Army Wants a Few Million to Upgrade Its Ageing Equipment
Chiara Carter, Jeremy Michaels
The dust has not yet settled from the multibillion-rand arms deal - but the military is gearing up for new purchases.
This time round it is the army's turn to go shopping and the wish list is far more modest but not without room for controversy.
The army is spending millions on upgrading some of its ageing equipment to get it through the next decade.
While improving rations is not likely to raise eyebrows, there is already debate within and beyond the South African National Defence Force (SANDF) about spending billions on tanks that will have limited use in peacekeeping missions - increasingly a key role played by the defence force.
The army's needs and plans will come under scrutiny by MPs during the current defence review.
Parliament's defence committee is reviewing the cornerstone 1998 Defence Review in the light of a changed international climate, South Africa's greater role in peacekeeping missions on the continent and problems that include the health and age of the country's forces.
Meanwhile, delivery of vessels and aircraft bought in terms of the arms deal is well under way and will continue until 2012.
As spending on these strategic defence packages decreases, the army is to get a turn to shop and the ground forces have some pressing needs - from combat vehicles to uniforms.
January Masilela, the defence secretary, said the army's needs assessment was "well advanced" and that the planning of several projects was taking place.
These included a project called Operation Warrior, a plan to forge the most modern soldier imaginable.
While Operation Warrior includes shopping for food, night-vision equipment and the like, at the other end of the spectrum, the most costly item on the army's wish list seems set to elicit the most debate - tanks.
New battle tanks to replace the army's elderly Olifants were initially included in one of the strategic packages of the arms deal, but, in the end, the tanks were not purchased.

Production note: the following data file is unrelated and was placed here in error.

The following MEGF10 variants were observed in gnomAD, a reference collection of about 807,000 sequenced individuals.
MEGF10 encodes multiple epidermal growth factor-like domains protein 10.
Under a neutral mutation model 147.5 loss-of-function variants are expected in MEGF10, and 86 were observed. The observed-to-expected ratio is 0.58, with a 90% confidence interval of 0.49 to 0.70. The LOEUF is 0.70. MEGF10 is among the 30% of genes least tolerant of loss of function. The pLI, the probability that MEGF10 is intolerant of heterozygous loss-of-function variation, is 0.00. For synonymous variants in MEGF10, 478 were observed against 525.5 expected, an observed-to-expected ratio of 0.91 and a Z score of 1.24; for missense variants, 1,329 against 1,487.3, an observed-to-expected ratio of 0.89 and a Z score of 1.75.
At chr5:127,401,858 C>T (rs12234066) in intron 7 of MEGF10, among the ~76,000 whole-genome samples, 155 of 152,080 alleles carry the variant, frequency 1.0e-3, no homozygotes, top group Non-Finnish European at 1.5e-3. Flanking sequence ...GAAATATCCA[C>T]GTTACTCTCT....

Now the need for tanks is back in the spotlight with both Mosiuoa Lekota, the defence minister, and Masilela saying better tanks are needed.
However, even within senior ranks of the army there is debate about whether the country can afford to buy enough tanks to be an effective deterrent in wartime and whether other more mobile and easily transportable combat vehicles should not be prioritised.
Other items on the army's shopping list include: combat vehicles (Project Hoofyster), ground-based air defence systems (Gbads), armoured troop carriers (Project Sepula) and lorries (Project Vistula).
Masilela said money would gradually become available to buy equipment as the arms procurement package big spending wound down.
He said new equipment for the army was essential to prevent the country's troops ending up with totally obsolete equipment.
"It's quite serious. The land force is the main force where the peacekeeping troops are. We are coping now, but in the near future it will really catch up with us," Masilela said.
The first steps towards obtaining new combat vehicles had been taken, he said, and preparations for the Gbads were well under way, as was the upgrading of tents for soldiers.
Combat vehicles were the army's "major platform" and it was important to have inter-operability between the different vehicles used.
Masilela said some of the army's projects would kick in only after 2012 when the Gripen aircraft delivery was completed. "We'll have more resources after we complete acquisition."
While the army waits for billions of rands to buy new goods, the next decade will also see millions of rands spent on upgrading existing equipment.
"The next 10 years will see the department of defence undertaking appropriate mid-life upgrades of existing... prime mission equipment to ensure operational availability over the remaining life cycle," said Sam Mkhwanazi, the ministry of defence communication director.
These upgrades include spending on the fleet of Casspirs earmarked for replacement.
"The army is upgrading the remaining Casspir Mk2 vehicle fleet. This will enable the army to manage its Casspir Mk3 vehicle fleet on one logistical baseline until 2015 when the capability will be phased out, as this is the expected end of its usable life cycle," Mkhwanazi said.
Helmoed Romer-Heitman, correspondent for the authorative Jane's Defence Weekly, said while at first glance the army's plans might seem expensive, given that the total spending would run to billions of rands, the list was in fact modest and the spending would take place over a period of years.
Kader Asmal, the defence committee chairperson, said his committee was examining the defence force's core role and function. He said the army's equipment needs would come under scrutiny in the course of the broader review.
With acknowledgements to Chiara Carter, Jeremy Michaels and the Sunday Independent.